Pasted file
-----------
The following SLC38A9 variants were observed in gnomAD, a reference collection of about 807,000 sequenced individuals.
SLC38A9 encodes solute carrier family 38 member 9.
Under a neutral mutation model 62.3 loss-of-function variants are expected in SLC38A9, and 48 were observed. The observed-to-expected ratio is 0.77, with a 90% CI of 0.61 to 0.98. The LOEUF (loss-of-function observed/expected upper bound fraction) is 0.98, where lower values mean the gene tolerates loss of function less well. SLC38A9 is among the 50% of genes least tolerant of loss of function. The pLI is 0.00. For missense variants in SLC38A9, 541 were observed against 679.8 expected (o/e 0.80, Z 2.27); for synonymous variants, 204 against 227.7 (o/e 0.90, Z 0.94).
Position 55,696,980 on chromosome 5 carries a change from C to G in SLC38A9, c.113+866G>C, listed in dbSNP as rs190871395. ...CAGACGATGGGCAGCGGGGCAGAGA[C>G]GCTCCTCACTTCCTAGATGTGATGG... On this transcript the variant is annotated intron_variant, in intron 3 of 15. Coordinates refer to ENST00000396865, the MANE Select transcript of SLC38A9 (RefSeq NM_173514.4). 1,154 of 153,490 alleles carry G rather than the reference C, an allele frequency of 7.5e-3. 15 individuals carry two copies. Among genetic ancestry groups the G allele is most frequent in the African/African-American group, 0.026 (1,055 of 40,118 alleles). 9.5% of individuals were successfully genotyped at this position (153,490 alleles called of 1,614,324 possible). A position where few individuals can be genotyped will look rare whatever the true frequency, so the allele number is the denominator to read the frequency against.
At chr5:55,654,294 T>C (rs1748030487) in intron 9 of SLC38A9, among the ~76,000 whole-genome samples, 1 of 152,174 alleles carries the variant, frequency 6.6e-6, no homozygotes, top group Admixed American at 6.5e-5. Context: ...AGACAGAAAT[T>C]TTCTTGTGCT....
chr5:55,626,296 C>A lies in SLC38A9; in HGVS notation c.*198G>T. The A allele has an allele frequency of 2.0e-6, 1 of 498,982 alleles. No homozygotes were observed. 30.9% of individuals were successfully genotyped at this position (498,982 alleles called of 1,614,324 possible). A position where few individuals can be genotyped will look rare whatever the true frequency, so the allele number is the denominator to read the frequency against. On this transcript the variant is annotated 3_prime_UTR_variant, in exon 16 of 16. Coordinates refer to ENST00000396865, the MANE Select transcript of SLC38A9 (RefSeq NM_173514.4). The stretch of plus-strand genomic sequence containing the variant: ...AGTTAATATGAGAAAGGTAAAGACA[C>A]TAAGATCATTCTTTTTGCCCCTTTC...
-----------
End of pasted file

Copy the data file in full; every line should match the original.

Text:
The following SLC38A9 variants were observed in gnomAD, a reference collection of about 807,000 sequenced individuals.
SLC38A9 encodes solute carrier family 38 member 9.
Under a neutral mutation model 62.3 loss-of-function variants are expected in SLC38A9, and 48 were observed. The observed-to-expected ratio is 0.77, with a 90% CI of 0.61 to 0.98. The LOEUF (loss-of-function observed/expected upper bound fraction) is 0.98, where lower values mean the gene tolerates loss of function less well. SLC38A9 is among the 50% of genes least tolerant of loss of function. The pLI is 0.00. For missense variants in SLC38A9, 541 were observed against 679.8 expected (o/e 0.80, Z 2.27); for synonymous variants, 204 against 227.7 (o/e 0.90, Z 0.94).
Position 55,696,980 on chromosome 5 carries a change from C to G in SLC38A9, c.113+866G>C, listed in dbSNP as rs190871395. ...CAGACGATGGGCAGCGGGGCAGAGA[C>G]GCTCCTCACTTCCTAGATGTGATGG... On this transcript the variant is annotated intron_variant, in intron 3 of 15. Coordinates refer to ENST00000396865, the MANE Select transcript of SLC38A9 (RefSeq NM_173514.4). 1,154 of 153,490 alleles carry G rather than the reference C, an allele frequency of 7.5e-3. 15 individuals carry two copies. Among genetic ancestry groups the G allele is most frequent in the African/African-American group, 0.026 (1,055 of 40,118 alleles). 9.5% of individuals were successfully genotyped at this position (153,490 alleles called of 1,614,324 possible). A position where few individuals can be genotyped will look rare whatever the true frequency, so the allele number is the denominator to read the frequency against.
At chr5:55,654,294 T>C (rs1748030487) in intron 9 of SLC38A9, among the ~76,000 whole-genome samples, 1 of 152,174 alleles carries the variant, frequency 6.6e-6, no homozygotes, top group Admixed American at 6.5e-5. Context: ...AGACAGAAAT[T>C]TTCTTGTGCT....
chr5:55,626,296 C>A lies in SLC38A9; in HGVS notation c.*198G>T. The A allele has an allele frequency of 2.0e-6, 1 of 498,982 alleles. No homozygotes were observed. 30.9% of individuals were successfully genotyped at this position (498,982 alleles called of 1,614,324 possible). A position where few individuals can be genotyped will look rare whatever the true frequency, so the allele number is the denominator to read the frequency against. On this transcript the variant is annotated 3_prime_UTR_variant, in exon 16 of 16. Coordinates refer to ENST00000396865, the MANE Select transcript of SLC38A9 (RefSeq NM_173514.4). The stretch of plus-strand genomic sequence containing the variant: ...AGTTAATATGAGAAAGGTAAAGACA[C>A]TAAGATCATTCTTTTTGCCCCTTTC...